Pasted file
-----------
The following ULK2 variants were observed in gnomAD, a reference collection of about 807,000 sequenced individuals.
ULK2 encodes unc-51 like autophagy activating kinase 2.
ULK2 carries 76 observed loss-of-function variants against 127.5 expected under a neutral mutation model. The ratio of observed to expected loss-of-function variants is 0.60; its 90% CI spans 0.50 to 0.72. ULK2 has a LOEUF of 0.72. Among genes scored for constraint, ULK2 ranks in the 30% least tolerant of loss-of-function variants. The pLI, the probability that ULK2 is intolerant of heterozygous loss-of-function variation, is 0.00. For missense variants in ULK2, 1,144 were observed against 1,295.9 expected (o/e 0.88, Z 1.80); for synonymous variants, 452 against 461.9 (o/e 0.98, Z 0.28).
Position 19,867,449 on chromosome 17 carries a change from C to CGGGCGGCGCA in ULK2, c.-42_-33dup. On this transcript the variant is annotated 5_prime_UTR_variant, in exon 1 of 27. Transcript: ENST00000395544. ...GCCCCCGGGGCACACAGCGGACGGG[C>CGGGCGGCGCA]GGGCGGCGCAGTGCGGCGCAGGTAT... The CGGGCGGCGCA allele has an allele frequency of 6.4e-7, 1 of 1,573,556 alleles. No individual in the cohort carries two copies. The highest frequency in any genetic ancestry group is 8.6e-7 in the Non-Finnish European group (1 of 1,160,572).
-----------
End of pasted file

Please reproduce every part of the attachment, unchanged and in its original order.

The following ULK2 variants were observed in gnomAD, a reference collection of about 807,000 sequenced individuals.
ULK2 encodes unc-51 like autophagy activating kinase 2.
ULK2 carries 76 observed loss-of-function variants against 127.5 expected under a neutral mutation model. The ratio of observed to expected loss-of-function variants is 0.60; its 90% CI spans 0.50 to 0.72. ULK2 has a LOEUF of 0.72. Among genes scored for constraint, ULK2 ranks in the 30% least tolerant of loss-of-function variants. The pLI, the probability that ULK2 is intolerant of heterozygous loss-of-function variation, is 0.00. For missense variants in ULK2, 1,144 were observed against 1,295.9 expected (o/e 0.88, Z 1.80); for synonymous variants, 452 against 461.9 (o/e 0.98, Z 0.28).
Position 19,867,449 on chromosome 17 carries a change from C to CGGGCGGCGCA in ULK2, c.-42_-33dup. On this transcript the variant is annotated 5_prime_UTR_variant, in exon 1 of 27. Transcript: ENST00000395544. ...GCCCCCGGGGCACACAGCGGACGGG[C>CGGGCGGCGCA]GGGCGGCGCAGTGCGGCGCAGGTAT... The CGGGCGGCGCA allele has an allele frequency of 6.4e-7, 1 of 1,573,556 alleles. No individual in the cohort carries two copies. The highest frequency in any genetic ancestry group is 8.6e-7 in the Non-Finnish European group (1 of 1,160,572).